LONDON (AP) -- Russian men who down large amounts of vodka - and too many do - have an "extraordinarily" high risk of an early death, a new study says.
Researchers tracked about 151,000 adult men in the Russian cities of Barnaul, Byisk and Tomsk from 1999 to 2010. They interviewed them about their drinking habits and, when about 8,000 later died, followed up to monitor their causes of death.
The risk of dying before age 55 for those who said they drank three or more half-liter bottles of vodka a week was a shocking 35 percent.
Overall, a quarter of Russian men die before reaching 55, compared with 7 percent of men in the United Kingdom and less than 1 percent in the United States. The life expectancy for men in Russia is 64 years - placing it among the lowest 50 countries in the world in that category.
It's not clear how many Russian men drink three bottles or more a week. Lead researcher Sir Richard Peto of Oxford University said the average Russian adult drinks 20 liters of vodka per year while the average Briton drinks about three liters of spirits.
"Russians clearly drink a lot, but it's this pattern of getting really smashed on vodka and then continuing to drink that is dangerous," Peto said.
"The rate of men dying prematurely in Russia is totally out of line with the rest of Europe," he said. "There's also a heavy drinking culture in Finland and Poland but they still have nothing like Russia's risk of death."
Alcohol has long been a top killer in Russia and vodka is often the drink of choice, available cheaply and often homemade in small villages. Previous studies have estimated that more than 40 percent of working-age men in Russia die because they drink too much, including using alcohol that is not meant to be consumed like that in colognes and antiseptics.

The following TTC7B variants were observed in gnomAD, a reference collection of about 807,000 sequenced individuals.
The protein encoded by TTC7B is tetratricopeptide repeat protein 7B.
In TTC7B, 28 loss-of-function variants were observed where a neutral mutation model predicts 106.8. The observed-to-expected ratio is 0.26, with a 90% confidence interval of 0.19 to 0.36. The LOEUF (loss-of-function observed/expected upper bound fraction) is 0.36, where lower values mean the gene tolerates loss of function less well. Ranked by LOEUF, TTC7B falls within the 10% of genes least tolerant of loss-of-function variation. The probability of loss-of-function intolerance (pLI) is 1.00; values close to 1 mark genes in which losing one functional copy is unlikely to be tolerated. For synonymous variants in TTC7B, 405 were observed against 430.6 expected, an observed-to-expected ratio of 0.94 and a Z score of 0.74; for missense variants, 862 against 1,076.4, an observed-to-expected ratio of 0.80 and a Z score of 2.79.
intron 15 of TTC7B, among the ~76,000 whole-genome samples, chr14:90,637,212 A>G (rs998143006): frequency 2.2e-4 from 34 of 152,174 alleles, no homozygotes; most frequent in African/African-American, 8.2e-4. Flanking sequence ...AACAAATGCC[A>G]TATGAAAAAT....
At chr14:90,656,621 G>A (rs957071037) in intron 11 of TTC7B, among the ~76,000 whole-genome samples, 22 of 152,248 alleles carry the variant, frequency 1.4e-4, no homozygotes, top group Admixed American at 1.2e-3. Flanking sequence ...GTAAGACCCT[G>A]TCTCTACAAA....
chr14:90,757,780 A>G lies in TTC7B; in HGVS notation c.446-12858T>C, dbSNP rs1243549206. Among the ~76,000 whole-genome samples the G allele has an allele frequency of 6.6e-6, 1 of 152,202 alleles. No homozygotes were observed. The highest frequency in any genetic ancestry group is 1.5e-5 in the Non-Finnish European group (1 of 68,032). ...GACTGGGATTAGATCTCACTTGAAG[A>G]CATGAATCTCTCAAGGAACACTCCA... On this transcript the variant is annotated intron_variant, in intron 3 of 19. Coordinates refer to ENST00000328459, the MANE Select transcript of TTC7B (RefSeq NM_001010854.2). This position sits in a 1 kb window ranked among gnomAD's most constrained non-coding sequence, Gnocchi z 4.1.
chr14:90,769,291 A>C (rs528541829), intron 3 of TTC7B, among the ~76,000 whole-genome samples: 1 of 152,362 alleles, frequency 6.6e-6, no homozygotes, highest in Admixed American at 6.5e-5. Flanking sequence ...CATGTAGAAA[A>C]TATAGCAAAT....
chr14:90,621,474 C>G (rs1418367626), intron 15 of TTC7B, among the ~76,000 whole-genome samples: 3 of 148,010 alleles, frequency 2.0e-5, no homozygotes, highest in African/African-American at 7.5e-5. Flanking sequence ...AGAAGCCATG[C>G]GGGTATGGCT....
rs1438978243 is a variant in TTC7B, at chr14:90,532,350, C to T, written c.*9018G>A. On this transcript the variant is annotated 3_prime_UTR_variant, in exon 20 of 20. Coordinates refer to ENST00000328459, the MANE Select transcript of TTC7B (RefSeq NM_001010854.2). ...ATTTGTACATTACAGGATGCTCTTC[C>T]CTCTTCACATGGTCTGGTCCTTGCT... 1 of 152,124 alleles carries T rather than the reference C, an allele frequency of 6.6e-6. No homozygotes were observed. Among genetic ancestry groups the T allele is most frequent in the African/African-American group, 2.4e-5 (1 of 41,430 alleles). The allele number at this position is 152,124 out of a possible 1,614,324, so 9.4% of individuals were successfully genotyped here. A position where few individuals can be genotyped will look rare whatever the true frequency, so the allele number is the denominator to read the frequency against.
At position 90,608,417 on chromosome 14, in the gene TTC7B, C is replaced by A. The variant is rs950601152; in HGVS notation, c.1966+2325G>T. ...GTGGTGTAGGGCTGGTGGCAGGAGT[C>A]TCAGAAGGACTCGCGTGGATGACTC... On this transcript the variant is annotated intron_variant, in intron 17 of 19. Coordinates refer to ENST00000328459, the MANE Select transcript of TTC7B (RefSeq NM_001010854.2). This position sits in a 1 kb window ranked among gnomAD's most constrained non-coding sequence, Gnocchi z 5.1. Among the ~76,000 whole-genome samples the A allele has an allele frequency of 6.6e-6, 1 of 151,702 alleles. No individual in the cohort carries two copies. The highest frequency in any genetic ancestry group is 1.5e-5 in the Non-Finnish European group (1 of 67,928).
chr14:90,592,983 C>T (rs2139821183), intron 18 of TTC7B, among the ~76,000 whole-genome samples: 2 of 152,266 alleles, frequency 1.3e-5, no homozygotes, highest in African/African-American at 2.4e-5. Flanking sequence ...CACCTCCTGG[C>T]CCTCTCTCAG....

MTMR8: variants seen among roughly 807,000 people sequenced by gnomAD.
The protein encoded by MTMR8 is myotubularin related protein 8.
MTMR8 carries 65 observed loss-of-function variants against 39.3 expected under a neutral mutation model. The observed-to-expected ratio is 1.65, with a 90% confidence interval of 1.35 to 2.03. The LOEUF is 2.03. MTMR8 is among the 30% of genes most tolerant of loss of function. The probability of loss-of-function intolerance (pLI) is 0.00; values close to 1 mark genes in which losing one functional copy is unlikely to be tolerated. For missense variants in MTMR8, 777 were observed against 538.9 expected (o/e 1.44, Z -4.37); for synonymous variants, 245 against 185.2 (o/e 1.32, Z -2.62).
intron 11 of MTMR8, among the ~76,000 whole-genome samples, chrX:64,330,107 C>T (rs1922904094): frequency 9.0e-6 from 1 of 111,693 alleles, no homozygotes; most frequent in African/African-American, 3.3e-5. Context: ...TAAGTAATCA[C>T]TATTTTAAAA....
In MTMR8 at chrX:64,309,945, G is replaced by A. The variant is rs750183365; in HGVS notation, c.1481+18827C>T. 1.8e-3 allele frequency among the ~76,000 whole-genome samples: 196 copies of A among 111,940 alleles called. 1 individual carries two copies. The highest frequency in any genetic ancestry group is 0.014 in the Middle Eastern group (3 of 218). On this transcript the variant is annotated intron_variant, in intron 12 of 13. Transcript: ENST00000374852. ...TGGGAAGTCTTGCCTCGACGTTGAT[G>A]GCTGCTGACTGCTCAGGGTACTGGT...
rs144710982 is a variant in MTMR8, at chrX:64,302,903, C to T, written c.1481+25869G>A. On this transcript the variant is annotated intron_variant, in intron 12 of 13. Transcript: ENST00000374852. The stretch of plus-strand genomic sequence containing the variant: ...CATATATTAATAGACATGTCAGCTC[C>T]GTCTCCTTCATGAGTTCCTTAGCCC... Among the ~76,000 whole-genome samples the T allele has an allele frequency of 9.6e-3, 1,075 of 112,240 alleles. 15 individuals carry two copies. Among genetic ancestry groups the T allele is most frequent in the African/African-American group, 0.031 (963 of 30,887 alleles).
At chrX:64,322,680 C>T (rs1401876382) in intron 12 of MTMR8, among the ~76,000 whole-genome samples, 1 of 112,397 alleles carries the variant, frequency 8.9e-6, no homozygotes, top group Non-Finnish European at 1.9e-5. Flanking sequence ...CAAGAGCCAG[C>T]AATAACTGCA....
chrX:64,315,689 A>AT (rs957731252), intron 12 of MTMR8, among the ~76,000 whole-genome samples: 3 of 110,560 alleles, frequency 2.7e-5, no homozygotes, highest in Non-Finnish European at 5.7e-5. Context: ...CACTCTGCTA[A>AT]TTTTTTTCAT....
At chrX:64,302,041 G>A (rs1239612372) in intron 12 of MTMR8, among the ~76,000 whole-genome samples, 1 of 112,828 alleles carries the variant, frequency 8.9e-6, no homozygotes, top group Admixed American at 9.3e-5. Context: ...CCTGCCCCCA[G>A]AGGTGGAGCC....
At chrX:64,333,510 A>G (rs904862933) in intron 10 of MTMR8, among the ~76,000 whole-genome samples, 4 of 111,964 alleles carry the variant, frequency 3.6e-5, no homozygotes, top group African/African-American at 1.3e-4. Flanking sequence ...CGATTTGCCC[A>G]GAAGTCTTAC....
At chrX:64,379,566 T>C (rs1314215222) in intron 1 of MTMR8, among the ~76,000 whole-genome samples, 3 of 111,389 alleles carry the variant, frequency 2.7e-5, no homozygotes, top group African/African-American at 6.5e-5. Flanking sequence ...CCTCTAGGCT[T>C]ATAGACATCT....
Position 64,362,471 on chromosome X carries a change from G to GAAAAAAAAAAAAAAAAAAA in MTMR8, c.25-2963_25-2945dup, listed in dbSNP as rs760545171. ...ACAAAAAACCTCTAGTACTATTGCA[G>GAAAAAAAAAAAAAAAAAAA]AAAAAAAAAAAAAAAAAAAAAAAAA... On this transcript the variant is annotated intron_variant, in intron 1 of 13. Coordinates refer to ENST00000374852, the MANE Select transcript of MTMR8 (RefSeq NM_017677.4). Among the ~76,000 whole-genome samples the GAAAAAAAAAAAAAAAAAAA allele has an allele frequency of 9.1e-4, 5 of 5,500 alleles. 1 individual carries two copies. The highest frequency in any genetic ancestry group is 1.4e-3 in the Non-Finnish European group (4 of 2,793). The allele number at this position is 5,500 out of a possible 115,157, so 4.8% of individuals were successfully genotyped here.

Drinking is so engrained in Russian culture there's a word that describes a drinking binge that lasts several days: "zapoi."
Peto said there was some evidence of a similar effect in Russian women who also drank heavily but there was not enough data to draw a broad conclusion.
The study was paid for by the U.K. Medical Research Council and others. It was published online Thursday in the journal Lancet.
Other experts said the Russian preference for hard liquor was particularly dangerous.
"If you're drinking vodka, you get a lot more ethanol in that than if you were drinking something like lager," said David Leon, a professor of epidemiology at the London School of Hygiene and Tropical Medicine, who has also studied the impact of alcohol in Russia but was not part of the Lancet study.
He said changing drinking patterns in Russia to combat the problem was possible but that it would take a significant cultural adjustments.
"It's not considered out-of-order to drink until you can't function in Russia," Leon said. "It just seems to be part of being a guy in Russia that you are expected to drink heavily."
TRENTON, N.J. (AP) -- Drugmaker Merck & Co. is joining two dozen other pharmaceutical companies and contract laboratories in committing to not use chimpanzees for research.
The growing trend could mean roughly 1,000 chimps in the U.S. used for research or warehoused for many years in laboratory cages could be "retired" to sanctuaries by around 2020.
That's according to Kathleen Conlee of the Humane Society of the United States, which seven years ago began urging companies to phase out all chimp research.